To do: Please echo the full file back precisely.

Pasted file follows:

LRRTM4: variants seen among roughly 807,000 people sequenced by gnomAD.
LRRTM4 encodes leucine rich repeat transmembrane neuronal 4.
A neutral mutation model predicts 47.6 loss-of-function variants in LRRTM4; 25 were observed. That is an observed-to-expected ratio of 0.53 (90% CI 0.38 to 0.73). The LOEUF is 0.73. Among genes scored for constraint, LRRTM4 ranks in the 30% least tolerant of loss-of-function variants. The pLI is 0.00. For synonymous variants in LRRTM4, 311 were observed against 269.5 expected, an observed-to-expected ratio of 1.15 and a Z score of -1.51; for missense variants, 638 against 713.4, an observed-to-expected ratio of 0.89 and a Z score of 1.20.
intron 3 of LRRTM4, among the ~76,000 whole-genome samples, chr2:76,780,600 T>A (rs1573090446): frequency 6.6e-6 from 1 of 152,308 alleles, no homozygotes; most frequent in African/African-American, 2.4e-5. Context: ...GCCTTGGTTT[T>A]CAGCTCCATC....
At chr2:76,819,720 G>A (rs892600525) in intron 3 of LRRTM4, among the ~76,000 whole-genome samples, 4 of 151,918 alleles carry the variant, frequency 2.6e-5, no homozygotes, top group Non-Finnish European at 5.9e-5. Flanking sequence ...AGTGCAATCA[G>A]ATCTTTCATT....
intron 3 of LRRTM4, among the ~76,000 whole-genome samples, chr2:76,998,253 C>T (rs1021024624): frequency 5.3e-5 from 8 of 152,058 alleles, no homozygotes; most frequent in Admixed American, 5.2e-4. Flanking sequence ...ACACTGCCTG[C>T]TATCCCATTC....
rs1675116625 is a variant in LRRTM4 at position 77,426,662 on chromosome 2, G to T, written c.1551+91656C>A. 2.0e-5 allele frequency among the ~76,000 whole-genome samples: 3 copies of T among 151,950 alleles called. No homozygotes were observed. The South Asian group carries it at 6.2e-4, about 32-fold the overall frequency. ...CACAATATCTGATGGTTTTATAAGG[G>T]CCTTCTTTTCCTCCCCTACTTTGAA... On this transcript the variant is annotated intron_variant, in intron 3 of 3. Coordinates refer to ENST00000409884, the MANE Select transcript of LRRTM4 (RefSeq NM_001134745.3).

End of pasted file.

LRRTM4: variants seen among roughly 807,000 people sequenced by gnomAD.
LRRTM4 encodes leucine rich repeat transmembrane neuronal 4.
A neutral mutation model predicts 47.6 loss-of-function variants in LRRTM4; 25 were observed. That is an observed-to-expected ratio of 0.53 (90% CI 0.38 to 0.73). The LOEUF is 0.73. Among genes scored for constraint, LRRTM4 ranks in the 30% least tolerant of loss-of-function variants. The pLI is 0.00. For synonymous variants in LRRTM4, 311 were observed against 269.5 expected, an observed-to-expected ratio of 1.15 and a Z score of -1.51; for missense variants, 638 against 713.4, an observed-to-expected ratio of 0.89 and a Z score of 1.20.
intron 3 of LRRTM4, among the ~76,000 whole-genome samples, chr2:76,780,600 T>A (rs1573090446): frequency 6.6e-6 from 1 of 152,308 alleles, no homozygotes; most frequent in African/African-American, 2.4e-5. Context: ...GCCTTGGTTT[T>A]CAGCTCCATC....
At chr2:76,819,720 G>A (rs892600525) in intron 3 of LRRTM4, among the ~76,000 whole-genome samples, 4 of 151,918 alleles carry the variant, frequency 2.6e-5, no homozygotes, top group Non-Finnish European at 5.9e-5. Flanking sequence ...AGTGCAATCA[G>A]ATCTTTCATT....
intron 3 of LRRTM4, among the ~76,000 whole-genome samples, chr2:76,998,253 C>T (rs1021024624): frequency 5.3e-5 from 8 of 152,058 alleles, no homozygotes; most frequent in Admixed American, 5.2e-4. Flanking sequence ...ACACTGCCTG[C>T]TATCCCATTC....
rs1675116625 is a variant in LRRTM4 at position 77,426,662 on chromosome 2, G to T, written c.1551+91656C>A. 2.0e-5 allele frequency among the ~76,000 whole-genome samples: 3 copies of T among 151,950 alleles called. No homozygotes were observed. The South Asian group carries it at 6.2e-4, about 32-fold the overall frequency. ...CACAATATCTGATGGTTTTATAAGG[G>T]CCTTCTTTTCCTCCCCTACTTTGAA... On this transcript the variant is annotated intron_variant, in intron 3 of 3. Coordinates refer to ENST00000409884, the MANE Select transcript of LRRTM4 (RefSeq NM_001134745.3).